The Fox and Cubs or Orange Hawkweed


The Fox and Cubs or Orange Hawkweed

A beautiful British wildflower of damp sunny meadows, the fox-and-cubs or orange hawkweed has flowers of a gorgeously fiery orange. It can be found on British lawns all over the country.

Pilosella aurantiaca, commonly known as orange hawkweed or fox-and-cubs, was introduced to British gardens as an ornamental plant in the 17th century. Originally an alpine plant native to central and southern Europe, it soon escaped cultivation, establishing a foothold in meadows and grasslands.

It grows up to 40cm high and spreads by means of long leafy runners.

Despite its non-native origins, the fox-and-cubs has integrated seamlessly into the UK's biodiversity. This vigorous perennial has lovely, deep-orange flowers held in clusters on slender stems that emerge from a rosette of hairy foliage.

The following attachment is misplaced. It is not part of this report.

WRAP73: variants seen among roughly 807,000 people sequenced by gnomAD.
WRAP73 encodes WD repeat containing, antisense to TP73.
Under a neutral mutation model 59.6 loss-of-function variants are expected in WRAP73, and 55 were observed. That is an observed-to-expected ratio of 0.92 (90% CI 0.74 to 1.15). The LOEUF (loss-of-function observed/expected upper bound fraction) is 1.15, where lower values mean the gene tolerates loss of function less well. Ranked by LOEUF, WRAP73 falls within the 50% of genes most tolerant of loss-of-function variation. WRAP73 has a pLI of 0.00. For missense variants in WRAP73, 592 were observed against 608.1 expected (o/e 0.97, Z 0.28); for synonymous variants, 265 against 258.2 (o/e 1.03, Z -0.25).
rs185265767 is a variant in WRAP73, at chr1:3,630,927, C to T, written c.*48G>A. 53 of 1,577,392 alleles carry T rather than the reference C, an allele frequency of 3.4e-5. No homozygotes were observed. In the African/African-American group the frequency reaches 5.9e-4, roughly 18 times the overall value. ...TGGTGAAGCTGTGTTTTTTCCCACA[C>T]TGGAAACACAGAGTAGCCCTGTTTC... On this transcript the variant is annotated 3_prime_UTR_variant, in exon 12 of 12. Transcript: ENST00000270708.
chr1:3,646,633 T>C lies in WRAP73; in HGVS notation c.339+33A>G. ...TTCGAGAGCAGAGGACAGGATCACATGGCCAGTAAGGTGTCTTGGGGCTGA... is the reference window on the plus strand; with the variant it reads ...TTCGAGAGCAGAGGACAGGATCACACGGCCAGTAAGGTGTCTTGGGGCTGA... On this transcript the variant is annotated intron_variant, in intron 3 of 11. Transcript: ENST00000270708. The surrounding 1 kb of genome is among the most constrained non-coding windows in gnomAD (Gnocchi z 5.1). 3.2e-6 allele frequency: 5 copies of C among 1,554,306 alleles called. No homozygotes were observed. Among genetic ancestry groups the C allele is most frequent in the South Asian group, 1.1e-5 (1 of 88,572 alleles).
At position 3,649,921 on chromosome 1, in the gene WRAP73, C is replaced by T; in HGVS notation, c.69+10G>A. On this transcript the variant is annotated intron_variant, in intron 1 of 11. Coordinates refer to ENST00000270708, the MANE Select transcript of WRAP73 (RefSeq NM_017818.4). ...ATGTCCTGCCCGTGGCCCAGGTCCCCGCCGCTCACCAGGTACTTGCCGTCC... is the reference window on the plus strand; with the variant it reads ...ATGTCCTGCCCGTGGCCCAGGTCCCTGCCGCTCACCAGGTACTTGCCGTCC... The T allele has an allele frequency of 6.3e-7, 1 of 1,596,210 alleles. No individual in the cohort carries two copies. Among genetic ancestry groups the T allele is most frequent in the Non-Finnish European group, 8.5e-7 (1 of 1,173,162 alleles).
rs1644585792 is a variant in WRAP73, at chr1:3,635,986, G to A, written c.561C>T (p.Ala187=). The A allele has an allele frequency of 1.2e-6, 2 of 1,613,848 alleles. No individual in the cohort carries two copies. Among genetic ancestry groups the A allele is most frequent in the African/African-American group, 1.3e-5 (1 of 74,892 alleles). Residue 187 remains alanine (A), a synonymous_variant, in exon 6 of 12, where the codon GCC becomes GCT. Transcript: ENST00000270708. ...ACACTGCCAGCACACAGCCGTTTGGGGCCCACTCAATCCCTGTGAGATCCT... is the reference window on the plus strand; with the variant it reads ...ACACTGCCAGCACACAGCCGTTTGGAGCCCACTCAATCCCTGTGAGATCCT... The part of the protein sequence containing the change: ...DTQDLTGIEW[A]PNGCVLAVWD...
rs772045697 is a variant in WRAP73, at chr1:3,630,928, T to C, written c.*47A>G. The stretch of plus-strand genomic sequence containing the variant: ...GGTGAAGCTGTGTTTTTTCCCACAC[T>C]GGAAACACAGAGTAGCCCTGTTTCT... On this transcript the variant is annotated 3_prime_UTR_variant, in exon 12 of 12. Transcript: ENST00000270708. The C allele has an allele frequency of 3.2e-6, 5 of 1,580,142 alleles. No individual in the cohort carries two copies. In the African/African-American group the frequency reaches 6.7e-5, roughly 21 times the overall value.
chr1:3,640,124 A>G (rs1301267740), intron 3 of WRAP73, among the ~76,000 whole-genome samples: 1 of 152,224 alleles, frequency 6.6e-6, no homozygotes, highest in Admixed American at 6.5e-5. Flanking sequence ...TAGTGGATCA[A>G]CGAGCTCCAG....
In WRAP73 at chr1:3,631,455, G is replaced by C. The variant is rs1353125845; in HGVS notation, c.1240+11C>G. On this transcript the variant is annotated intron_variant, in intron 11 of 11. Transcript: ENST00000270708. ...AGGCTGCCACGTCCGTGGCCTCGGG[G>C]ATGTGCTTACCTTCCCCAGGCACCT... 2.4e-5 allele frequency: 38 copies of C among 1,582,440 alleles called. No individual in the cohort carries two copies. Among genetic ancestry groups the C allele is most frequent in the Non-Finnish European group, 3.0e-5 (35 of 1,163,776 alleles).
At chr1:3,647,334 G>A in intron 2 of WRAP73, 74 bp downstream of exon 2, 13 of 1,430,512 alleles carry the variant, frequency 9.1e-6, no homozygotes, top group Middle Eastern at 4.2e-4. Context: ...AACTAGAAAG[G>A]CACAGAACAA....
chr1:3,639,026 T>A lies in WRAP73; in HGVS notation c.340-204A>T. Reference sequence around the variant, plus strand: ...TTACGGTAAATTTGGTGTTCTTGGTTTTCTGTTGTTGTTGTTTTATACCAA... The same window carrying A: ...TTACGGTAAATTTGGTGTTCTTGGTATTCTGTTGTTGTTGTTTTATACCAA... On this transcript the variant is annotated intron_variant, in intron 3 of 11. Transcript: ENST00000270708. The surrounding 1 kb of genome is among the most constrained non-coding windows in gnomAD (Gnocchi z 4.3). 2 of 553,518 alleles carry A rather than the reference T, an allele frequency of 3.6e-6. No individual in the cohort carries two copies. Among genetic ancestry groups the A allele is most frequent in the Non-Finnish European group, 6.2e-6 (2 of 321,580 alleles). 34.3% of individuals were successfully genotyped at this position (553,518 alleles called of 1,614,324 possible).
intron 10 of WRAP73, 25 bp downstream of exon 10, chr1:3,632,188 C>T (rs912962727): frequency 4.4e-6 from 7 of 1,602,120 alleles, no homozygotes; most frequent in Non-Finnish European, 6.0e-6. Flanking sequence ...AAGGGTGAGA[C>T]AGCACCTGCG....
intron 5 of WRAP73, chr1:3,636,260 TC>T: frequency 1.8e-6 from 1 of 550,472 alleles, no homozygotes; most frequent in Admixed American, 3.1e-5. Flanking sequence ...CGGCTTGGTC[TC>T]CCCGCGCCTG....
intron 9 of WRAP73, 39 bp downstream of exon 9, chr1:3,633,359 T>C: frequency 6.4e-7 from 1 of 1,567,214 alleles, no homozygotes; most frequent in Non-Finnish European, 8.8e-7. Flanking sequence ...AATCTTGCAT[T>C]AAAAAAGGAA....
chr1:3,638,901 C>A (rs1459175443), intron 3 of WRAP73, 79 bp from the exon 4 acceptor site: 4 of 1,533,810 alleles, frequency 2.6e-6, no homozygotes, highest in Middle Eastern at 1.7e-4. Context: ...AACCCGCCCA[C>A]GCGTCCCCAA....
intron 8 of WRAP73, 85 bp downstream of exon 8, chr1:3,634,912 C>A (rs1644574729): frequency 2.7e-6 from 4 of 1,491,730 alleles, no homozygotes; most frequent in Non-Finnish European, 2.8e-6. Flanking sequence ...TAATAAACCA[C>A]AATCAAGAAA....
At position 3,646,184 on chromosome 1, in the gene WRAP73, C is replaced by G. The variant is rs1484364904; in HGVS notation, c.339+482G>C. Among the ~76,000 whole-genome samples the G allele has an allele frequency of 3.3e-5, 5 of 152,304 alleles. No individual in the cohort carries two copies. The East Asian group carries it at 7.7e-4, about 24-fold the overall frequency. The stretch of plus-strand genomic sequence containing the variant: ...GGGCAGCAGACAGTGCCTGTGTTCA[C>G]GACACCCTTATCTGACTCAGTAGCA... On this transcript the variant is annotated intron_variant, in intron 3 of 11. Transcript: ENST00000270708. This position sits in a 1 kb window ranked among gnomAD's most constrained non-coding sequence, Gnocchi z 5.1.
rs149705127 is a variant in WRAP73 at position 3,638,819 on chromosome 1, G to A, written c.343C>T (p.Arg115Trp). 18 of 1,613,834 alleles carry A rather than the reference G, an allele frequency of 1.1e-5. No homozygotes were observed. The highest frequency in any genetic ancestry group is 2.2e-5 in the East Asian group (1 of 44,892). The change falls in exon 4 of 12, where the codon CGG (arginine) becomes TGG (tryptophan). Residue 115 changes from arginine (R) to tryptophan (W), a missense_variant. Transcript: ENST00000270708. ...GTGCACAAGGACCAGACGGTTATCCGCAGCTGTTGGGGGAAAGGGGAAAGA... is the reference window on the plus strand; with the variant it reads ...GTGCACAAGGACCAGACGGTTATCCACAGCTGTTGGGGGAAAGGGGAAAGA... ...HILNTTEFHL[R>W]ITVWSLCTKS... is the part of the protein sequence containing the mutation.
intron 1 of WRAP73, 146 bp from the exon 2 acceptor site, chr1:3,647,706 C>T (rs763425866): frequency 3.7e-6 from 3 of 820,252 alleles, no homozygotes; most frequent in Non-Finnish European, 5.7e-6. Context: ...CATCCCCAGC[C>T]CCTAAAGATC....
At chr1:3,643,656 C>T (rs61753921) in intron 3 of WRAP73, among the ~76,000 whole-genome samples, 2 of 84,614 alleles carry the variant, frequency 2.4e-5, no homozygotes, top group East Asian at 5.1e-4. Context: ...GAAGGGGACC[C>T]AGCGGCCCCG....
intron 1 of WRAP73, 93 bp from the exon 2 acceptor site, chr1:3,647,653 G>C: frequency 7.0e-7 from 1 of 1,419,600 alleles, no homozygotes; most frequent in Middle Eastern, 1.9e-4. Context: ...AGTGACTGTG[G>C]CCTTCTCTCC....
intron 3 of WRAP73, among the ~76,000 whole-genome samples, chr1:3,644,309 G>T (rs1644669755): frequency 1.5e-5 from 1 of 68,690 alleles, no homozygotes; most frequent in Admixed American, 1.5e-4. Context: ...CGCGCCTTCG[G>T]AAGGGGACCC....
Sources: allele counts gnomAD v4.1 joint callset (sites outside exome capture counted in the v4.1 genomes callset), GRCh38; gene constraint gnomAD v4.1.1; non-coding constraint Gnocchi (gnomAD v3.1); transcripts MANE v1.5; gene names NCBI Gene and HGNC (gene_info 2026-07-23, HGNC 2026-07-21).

Beyond its aesthetic appeal, this hardy wildflower plays a crucial role in supporting local wildlife. Its nectar-rich flowers attract pollinators like bees, hover flies and butterflies. Its flowering period is high summer - from June to September.

The name of 'Fox-and-Cubs' refers to the way that many of the as-yet un-opened flower heads hide beneath those that have opened. The seed-head of orange hawkweed is both smaller and coarser than that of the dandelion, to which it is related.

Fox-and-Cubs is often found in churchyards and graveyards, but can equally be found in the garden.

Further reading

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